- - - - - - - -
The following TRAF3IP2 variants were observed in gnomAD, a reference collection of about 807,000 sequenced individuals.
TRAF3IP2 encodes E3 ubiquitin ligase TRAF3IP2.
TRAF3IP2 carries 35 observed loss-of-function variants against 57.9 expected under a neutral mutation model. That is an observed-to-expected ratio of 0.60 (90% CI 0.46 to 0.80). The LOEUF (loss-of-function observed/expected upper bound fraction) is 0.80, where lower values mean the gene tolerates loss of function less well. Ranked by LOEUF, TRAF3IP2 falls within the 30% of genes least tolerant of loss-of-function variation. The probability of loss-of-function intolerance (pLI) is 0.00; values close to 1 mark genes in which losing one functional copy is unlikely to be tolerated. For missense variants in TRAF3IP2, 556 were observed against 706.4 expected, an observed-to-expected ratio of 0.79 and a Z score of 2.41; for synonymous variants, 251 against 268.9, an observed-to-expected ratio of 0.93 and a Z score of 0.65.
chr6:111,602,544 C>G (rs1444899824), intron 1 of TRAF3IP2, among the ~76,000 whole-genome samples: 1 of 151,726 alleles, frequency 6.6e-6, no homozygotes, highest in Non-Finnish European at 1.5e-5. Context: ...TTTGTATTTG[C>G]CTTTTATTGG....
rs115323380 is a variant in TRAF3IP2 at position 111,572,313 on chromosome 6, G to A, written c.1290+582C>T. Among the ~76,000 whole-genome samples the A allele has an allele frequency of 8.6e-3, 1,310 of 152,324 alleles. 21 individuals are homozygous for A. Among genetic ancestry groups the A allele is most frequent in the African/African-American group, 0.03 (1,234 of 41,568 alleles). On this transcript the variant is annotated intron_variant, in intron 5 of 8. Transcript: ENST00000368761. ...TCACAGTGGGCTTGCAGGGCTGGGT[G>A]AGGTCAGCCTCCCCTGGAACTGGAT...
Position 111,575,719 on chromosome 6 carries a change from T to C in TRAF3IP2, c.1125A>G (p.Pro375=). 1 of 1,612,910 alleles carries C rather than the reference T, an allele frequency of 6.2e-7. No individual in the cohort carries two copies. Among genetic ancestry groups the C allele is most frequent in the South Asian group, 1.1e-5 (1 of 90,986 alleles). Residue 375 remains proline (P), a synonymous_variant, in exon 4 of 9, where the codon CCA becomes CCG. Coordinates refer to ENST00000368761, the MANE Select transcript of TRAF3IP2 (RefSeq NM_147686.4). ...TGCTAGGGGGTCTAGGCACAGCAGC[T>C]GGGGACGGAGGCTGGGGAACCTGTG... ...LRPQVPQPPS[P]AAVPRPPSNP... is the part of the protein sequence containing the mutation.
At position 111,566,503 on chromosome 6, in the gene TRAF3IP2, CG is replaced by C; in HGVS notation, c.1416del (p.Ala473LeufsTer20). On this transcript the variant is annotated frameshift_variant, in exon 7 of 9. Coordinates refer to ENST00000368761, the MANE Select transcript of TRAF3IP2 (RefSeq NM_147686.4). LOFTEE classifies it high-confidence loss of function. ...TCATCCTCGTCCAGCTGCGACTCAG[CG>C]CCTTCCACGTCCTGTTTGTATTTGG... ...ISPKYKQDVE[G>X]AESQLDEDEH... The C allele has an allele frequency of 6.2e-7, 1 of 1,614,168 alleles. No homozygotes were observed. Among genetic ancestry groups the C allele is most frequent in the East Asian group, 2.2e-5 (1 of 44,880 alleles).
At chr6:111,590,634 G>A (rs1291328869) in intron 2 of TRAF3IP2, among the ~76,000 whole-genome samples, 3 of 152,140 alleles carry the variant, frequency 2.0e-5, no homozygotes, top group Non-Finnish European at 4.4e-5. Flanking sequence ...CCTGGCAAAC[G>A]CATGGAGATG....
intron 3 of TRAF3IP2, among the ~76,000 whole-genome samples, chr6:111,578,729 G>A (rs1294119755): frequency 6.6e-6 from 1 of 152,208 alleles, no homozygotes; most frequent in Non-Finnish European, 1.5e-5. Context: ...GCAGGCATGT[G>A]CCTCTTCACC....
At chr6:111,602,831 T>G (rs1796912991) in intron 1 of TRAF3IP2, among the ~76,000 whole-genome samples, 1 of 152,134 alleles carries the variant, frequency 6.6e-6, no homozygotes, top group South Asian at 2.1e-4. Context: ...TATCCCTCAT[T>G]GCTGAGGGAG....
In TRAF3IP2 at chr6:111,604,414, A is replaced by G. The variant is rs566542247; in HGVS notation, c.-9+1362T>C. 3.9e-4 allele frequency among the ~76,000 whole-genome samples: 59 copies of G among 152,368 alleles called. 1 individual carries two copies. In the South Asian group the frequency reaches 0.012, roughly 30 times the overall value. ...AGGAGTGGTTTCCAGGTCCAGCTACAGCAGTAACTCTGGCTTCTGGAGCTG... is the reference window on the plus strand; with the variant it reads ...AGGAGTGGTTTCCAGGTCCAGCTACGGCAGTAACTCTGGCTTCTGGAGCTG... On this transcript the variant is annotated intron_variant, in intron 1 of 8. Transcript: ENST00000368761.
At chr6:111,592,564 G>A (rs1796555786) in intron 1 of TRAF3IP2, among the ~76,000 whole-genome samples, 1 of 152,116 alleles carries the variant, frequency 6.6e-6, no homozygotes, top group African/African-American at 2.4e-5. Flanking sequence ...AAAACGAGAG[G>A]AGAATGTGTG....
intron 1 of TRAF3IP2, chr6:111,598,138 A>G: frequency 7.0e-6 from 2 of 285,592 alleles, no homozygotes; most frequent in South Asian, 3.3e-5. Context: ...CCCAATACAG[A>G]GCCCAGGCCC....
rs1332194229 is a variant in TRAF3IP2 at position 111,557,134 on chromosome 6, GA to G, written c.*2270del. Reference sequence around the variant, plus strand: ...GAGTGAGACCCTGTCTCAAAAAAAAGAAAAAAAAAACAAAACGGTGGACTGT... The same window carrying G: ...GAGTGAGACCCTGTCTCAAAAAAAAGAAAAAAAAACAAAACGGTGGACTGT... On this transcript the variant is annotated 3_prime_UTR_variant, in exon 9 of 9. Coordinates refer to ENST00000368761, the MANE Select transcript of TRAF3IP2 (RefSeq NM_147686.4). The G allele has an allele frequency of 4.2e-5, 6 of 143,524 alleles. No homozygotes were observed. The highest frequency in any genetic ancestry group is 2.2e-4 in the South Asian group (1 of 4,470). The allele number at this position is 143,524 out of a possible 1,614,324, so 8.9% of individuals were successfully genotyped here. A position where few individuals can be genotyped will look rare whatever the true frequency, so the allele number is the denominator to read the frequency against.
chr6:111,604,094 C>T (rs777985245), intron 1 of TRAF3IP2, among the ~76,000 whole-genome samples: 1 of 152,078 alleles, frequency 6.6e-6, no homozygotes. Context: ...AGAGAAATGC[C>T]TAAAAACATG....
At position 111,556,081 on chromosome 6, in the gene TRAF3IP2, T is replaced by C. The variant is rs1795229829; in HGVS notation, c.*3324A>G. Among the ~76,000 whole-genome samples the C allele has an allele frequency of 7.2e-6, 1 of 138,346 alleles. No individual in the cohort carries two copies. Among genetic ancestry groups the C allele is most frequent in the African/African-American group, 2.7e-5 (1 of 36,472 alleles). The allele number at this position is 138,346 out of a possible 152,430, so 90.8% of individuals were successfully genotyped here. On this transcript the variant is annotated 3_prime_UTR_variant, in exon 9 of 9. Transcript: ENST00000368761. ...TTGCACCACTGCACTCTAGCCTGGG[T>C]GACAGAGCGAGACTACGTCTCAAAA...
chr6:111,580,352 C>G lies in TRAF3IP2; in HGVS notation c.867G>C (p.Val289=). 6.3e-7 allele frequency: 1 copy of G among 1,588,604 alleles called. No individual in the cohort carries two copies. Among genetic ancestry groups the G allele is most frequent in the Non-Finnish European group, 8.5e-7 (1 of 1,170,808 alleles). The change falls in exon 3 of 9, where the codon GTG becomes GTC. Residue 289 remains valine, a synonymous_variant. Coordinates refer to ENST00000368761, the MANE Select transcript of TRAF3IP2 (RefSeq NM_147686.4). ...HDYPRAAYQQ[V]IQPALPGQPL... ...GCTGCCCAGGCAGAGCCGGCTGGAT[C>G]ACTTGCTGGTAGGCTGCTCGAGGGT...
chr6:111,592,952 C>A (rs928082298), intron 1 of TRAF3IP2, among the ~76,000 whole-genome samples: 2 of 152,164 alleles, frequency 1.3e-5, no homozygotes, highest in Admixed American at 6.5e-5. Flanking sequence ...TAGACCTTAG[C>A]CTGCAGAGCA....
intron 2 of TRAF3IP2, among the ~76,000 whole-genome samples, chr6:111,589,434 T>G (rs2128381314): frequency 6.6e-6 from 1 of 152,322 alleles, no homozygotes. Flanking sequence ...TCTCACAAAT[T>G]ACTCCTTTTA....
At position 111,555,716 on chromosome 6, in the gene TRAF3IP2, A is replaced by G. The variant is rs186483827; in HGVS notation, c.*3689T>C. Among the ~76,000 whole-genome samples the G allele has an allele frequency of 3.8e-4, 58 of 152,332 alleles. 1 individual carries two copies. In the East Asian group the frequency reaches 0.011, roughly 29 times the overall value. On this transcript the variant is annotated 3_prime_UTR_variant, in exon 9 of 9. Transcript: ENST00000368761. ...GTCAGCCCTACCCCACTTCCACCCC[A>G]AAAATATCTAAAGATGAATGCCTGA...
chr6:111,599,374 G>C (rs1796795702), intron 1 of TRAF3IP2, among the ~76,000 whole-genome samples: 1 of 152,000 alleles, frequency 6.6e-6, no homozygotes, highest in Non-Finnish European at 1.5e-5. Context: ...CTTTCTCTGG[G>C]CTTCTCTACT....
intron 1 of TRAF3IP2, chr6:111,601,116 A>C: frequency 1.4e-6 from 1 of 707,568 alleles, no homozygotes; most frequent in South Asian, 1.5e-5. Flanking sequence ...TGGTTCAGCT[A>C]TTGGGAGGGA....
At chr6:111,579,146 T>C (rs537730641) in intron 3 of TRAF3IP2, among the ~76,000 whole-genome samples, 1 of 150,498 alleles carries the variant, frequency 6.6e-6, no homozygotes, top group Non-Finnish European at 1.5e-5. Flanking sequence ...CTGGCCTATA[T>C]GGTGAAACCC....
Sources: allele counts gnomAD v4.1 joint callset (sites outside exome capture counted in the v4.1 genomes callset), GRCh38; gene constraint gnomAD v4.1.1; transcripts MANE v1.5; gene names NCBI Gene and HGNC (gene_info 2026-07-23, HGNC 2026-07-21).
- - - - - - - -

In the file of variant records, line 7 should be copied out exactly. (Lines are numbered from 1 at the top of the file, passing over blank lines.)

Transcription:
At position 111,566,503 on chromosome 6, in the gene TRAF3IP2, CG is replaced by C; in HGVS notation, c.1416del (p.Ala473LeufsTer20). On this transcript the variant is annotated frameshift_variant, in exon 7 of 9. Coordinates refer to ENST00000368761, the MANE Select transcript of TRAF3IP2 (RefSeq NM_147686.4). LOFTEE classifies it high-confidence loss of function. ...TCATCCTCGTCCAGCTGCGACTCAG[CG>C]CCTTCCACGTCCTGTTTGTATTTGG... ...ISPKYKQDVE[G>X]AESQLDEDEH... The C allele has an allele frequency of 6.2e-7, 1 of 1,614,168 alleles. No homozygotes were observed. Among genetic ancestry groups the C allele is most frequent in the East Asian group, 2.2e-5 (1 of 44,880 alleles).